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The Cost Burden of Maintaining Provider Directories


Responding to health plan requests to verify and update directory information is a significant administrative burden on providers and may be undermining the accuracy of directories.

April Todd

April Todd

Responding to health plan requests to verify and update directory information is a significant administrative burden on providers and may be undermining the accuracy of directories.  

In fact, providers spend $2.76 billion each year on provider directory maintenance, a new survey by CAQH found

Directory maintenance costs the typical provider practice $998 per month and requires one full staff day per week. CAQH recently surveyed 1,240 physician practices and released “The Hidden Causes of Inaccurate Provider Directories.”

Nationwide, responding to health plan requests to update and verify directory information costs practices $2.76 billion each year. Streamlining this process through a single platform could reduce the administrative burden by 39.6%, and reduce the cost to practices nationwide by $1.1 billion.

“In recent years, health plans, policy makers, patient advocates, and other industry stakeholders have paid increasing attention to the error rates in health plan directories,” says April Todd, senior vice president CORE and Explorations at CAQH, a Washington, D.C-based non-profit alliance, which creates shared initiatives to streamline the business of healthcare. “In spite of the focus and investment in this area, according to CMS, over the past few years the accuracy of directories has not significantly improved. We conducted the survey to quantify the burden on providers associated with directory maintenance and identify a new way to improve the accuracy of the information.”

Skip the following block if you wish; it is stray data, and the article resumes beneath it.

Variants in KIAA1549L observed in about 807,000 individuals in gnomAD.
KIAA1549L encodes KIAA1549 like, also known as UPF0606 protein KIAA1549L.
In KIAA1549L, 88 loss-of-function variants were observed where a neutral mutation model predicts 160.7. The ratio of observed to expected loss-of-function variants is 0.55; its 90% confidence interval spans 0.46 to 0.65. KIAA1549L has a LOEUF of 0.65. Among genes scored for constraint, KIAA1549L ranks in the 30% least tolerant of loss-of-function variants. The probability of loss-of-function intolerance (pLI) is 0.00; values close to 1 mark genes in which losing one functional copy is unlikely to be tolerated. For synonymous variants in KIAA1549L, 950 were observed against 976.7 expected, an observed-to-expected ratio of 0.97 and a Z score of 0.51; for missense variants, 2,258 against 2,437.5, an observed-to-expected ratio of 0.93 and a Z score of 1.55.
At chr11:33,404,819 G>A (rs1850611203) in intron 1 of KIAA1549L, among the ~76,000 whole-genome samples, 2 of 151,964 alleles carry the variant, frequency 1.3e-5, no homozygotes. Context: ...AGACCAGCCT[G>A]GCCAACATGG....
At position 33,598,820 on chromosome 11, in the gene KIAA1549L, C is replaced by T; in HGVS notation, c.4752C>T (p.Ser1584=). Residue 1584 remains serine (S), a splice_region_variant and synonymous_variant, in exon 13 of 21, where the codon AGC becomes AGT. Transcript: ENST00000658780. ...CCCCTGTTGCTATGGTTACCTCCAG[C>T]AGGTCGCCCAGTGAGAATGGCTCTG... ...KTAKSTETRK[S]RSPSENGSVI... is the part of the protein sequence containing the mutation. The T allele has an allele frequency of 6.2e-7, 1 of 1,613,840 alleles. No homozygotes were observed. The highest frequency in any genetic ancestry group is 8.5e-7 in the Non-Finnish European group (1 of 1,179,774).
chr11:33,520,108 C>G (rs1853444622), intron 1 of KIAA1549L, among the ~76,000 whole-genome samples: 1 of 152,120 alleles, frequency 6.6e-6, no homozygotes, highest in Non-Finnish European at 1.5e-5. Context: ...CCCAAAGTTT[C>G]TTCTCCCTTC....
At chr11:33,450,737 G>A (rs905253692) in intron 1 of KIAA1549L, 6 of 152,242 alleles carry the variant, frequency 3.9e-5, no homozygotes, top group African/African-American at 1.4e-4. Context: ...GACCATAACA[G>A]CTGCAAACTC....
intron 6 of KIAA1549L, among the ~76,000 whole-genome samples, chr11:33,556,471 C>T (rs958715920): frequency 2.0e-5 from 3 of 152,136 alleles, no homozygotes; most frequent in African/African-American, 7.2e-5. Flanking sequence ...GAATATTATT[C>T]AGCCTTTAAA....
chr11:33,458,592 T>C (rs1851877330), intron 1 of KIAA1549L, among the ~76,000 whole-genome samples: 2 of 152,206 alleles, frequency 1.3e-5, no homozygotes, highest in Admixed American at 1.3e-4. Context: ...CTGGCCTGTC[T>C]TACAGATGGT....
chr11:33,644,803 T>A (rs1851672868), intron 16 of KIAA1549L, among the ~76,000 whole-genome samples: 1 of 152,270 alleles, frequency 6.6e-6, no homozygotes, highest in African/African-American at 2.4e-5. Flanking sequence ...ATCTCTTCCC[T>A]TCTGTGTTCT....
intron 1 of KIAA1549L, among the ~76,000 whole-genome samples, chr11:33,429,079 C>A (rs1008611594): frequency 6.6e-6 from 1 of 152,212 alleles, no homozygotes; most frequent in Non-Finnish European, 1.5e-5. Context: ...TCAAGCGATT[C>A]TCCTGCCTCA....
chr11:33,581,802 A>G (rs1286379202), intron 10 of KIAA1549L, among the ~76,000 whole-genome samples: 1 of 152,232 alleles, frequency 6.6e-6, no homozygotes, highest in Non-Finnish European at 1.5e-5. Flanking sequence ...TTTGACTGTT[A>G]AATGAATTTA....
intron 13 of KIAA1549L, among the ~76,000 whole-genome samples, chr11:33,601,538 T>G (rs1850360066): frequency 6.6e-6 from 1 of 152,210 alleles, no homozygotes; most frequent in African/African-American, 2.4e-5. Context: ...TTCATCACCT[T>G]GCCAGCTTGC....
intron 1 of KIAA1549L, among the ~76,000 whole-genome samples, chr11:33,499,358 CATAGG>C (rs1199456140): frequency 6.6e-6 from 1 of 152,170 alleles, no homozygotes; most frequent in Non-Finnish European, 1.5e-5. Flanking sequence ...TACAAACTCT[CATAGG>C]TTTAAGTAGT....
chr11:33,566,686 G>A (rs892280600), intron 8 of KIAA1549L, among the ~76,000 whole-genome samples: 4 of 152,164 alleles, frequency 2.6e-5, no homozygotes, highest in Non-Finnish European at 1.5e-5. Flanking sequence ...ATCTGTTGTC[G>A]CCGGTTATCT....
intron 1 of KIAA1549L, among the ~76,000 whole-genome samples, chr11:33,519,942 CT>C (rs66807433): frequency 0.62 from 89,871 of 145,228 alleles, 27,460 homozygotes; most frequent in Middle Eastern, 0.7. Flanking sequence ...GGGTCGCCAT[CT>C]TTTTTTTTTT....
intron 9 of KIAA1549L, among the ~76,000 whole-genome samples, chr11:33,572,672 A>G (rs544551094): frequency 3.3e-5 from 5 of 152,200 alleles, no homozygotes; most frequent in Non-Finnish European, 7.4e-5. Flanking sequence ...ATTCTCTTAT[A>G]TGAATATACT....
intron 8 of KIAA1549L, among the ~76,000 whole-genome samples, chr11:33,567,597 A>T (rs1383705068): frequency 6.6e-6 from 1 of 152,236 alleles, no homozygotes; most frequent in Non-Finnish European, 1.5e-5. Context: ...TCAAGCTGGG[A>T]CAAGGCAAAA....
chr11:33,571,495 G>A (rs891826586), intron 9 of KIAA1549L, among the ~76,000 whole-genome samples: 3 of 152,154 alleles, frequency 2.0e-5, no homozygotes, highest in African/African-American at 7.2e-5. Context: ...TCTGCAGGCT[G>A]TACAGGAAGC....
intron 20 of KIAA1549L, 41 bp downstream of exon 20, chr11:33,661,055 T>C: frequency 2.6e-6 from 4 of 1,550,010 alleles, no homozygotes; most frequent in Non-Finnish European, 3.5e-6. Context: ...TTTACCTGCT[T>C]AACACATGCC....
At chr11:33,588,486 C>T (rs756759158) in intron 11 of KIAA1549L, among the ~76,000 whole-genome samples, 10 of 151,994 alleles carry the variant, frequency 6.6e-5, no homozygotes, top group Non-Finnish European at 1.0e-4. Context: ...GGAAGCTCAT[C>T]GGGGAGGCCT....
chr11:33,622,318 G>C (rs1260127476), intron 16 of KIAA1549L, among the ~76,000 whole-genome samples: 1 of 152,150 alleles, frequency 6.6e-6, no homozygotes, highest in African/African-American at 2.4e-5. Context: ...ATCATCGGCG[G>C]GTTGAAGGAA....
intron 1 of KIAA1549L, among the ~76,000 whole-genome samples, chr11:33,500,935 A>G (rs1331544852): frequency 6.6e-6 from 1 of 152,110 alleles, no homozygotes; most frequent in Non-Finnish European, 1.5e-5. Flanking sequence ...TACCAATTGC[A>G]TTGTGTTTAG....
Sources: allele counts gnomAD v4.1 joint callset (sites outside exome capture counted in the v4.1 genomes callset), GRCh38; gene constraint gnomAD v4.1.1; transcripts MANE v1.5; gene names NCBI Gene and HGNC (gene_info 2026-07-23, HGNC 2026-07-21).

Related: Inaccurate Provider Directories Create Barriers To Care

Challenges with provider data impact countless  business functions across healthcare, from claims payment to credentialing, according to Todd.

“This study highlighted one step that could improve the quality of the data and yield significant and widespread benefits across the healthcare economy,” she says.

The survey also revealed that practices have, on average, 20.2 health plan contracts. Through common platforms that allow providers to share directory, credentialing and other information with many plans at once, the industry can both improve data quality and reduce administrative burdens on providers that draw resources away from patient care.


A survey released by the American Medical Association in January 2018, showed that 52% of physicians said their patients encounter coverage issues at least once a month due to inaccurate directories. To address this problem, 67% of physicians surveyed by the AMA expressed an interest in having their practice use just one interface to send and update information to payers.

Tracey Walker is managing editor of Managed Healthcare Executive.

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